How does solar energy work​

       Solar power cells convert sunlight into electricity, using the energy of speeding photons to create an electrical current within a solar panel.

       Photons are created in the center of the sun by the fusion of atoms. It takes a photon about a million years to work its way to the surface of the sun, but once free it is hurled through space so fast that it reaches earth in just eight minutes - after traveling 93 million miles.

       This tremendous energy from the sun is abundant, and has been powering the earth for billions of years - feeding plants, redistributing and refreshing water supplies and ultimately creating other forms of energy (such as fossil fuels) that largely power our civilization today.

       Over the past several decades, scientists have been learning to harness this ancient energy source with more efficiency to do the work of non-renewable fuels - without pollution, noise or radiation, and not subject to economic whims that drive costs higher each year.

       An interesting side note: Photons are also called quanta. They are literally "packets" of sunlight" . Albert Einstein got his Nobel Prize for his study of quantum mechanics.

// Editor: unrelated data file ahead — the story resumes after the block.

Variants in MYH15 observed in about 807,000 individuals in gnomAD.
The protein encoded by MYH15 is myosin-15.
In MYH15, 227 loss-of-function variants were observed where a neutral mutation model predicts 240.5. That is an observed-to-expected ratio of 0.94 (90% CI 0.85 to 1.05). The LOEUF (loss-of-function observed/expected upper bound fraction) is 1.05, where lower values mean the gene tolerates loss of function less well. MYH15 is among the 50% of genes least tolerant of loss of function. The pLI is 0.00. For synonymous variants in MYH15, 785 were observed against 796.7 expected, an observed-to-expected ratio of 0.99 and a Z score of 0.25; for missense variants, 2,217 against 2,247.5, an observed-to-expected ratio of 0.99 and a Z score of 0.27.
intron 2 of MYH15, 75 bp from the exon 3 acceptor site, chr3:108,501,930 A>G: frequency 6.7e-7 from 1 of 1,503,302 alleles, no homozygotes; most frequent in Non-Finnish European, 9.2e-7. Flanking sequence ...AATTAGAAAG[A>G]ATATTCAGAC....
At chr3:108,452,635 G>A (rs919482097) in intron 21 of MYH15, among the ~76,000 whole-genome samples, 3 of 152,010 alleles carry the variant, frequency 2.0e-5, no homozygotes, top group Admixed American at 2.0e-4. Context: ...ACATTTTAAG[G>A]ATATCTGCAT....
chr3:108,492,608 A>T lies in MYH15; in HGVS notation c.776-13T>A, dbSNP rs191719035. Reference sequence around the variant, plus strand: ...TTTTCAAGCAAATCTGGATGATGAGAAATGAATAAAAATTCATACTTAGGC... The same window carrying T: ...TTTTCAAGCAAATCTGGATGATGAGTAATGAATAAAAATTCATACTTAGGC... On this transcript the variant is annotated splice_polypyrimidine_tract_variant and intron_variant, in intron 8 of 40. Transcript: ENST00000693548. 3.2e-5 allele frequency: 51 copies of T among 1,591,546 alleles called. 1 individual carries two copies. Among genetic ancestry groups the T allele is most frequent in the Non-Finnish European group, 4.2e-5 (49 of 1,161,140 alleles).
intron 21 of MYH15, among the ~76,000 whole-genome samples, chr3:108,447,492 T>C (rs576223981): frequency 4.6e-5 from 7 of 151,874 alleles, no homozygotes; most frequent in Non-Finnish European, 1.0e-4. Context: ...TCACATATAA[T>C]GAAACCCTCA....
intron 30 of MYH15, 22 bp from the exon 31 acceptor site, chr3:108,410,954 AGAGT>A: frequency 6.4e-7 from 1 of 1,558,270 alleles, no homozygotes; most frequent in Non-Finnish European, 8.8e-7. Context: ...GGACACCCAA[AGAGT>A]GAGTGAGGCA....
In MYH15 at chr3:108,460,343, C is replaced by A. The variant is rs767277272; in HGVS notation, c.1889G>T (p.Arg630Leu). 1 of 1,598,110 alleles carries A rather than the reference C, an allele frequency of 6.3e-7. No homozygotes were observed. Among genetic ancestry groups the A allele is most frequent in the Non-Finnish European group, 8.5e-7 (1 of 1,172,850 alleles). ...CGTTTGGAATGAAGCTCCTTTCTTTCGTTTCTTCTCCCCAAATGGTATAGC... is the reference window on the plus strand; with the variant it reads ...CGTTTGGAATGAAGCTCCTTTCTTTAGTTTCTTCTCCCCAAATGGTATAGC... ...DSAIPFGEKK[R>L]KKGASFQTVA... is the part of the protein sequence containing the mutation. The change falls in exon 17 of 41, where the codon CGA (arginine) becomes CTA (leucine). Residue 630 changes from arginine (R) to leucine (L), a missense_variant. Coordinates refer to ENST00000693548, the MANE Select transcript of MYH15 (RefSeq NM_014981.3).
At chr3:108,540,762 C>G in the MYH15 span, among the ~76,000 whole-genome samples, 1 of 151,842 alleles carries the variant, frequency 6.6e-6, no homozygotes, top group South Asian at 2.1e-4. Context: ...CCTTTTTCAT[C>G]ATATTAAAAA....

​  How do solar panels convert the sun’s energy into electricity?

​          The sun transmits energy in the form of electromagnetic radiation. When this radiation is absorbed by the solar cells, a chemical reaction occurs, causing rapid electron movement. Because of the way the cells are manufactured with layers of material with differing atomic structures, the electrons are forced to move in one direction, creating direct current, or DC. It then flows into an inverter which converts the DC into alternating current, or AC, to be usable in your home or business.